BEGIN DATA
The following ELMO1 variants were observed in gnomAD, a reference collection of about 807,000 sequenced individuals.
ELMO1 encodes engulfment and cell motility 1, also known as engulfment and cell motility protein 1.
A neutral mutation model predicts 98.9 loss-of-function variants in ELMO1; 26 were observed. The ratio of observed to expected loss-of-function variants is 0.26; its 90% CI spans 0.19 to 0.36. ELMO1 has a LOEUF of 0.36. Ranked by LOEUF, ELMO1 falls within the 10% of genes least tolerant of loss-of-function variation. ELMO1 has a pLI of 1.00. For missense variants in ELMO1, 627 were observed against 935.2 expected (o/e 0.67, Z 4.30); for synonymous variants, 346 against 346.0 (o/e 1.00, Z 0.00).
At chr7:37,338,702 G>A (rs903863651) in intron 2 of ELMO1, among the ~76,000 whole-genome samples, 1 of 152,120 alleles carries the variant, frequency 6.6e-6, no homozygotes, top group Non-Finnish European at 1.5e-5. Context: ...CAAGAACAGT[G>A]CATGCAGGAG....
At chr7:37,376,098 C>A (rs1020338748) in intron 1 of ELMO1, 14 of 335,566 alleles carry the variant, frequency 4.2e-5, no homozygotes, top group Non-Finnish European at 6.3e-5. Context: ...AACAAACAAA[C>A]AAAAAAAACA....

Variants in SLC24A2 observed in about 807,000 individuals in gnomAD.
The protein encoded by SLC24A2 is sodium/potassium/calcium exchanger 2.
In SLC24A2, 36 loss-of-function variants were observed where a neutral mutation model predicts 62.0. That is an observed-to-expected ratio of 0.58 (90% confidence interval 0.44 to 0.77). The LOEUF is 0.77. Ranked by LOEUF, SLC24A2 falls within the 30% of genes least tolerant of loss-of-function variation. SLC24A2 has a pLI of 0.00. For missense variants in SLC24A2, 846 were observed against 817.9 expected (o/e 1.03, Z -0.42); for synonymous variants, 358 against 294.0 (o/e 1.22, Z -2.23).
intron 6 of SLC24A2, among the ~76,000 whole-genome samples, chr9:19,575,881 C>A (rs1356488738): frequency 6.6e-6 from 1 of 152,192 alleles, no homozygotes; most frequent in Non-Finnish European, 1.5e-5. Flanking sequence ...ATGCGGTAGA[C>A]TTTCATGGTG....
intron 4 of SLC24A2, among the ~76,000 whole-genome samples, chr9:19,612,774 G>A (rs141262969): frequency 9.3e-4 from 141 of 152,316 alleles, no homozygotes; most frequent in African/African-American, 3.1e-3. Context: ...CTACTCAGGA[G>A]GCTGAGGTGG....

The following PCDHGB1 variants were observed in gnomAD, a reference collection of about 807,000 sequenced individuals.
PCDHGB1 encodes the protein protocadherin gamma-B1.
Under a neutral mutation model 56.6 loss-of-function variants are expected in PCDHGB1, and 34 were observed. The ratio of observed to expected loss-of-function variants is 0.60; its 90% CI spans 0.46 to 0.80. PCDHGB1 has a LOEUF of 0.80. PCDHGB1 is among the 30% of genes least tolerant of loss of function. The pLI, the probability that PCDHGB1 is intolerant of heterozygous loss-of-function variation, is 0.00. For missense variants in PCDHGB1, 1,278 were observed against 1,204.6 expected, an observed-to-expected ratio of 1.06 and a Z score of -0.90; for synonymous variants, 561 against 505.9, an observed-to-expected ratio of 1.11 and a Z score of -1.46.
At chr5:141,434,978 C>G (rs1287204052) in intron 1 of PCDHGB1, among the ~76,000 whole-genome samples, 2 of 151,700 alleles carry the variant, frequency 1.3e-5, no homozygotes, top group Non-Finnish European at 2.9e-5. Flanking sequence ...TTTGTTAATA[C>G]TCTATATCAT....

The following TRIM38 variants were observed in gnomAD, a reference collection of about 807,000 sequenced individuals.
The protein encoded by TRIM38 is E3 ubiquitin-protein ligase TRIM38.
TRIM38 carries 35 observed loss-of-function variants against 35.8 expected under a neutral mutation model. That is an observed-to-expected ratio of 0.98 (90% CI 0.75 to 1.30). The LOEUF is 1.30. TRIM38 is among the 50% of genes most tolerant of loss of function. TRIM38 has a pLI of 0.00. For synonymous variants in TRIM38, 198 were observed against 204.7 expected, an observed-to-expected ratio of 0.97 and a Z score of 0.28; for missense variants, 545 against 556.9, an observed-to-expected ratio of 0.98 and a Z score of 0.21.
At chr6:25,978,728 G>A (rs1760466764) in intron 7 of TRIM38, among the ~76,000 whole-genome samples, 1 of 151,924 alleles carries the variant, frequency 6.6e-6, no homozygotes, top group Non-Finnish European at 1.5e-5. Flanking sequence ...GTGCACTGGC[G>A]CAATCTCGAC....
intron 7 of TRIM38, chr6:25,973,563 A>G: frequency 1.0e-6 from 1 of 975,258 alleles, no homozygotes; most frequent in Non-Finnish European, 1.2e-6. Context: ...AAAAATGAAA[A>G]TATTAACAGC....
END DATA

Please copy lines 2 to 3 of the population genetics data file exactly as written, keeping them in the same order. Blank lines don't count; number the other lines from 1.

ELMO1 encodes engulfment and cell motility 1, also known as engulfment and cell motility protein 1.
A neutral mutation model predicts 98.9 loss-of-function variants in ELMO1; 26 were observed. The ratio of observed to expected loss-of-function variants is 0.26; its 90% CI spans 0.19 to 0.36. ELMO1 has a LOEUF of 0.36. Ranked by LOEUF, ELMO1 falls within the 10% of genes least tolerant of loss-of-function variation. ELMO1 has a pLI of 1.00. For missense variants in ELMO1, 627 were observed against 935.2 expected (o/e 0.67, Z 4.30); for synonymous variants, 346 against 346.0 (o/e 1.00, Z 0.00).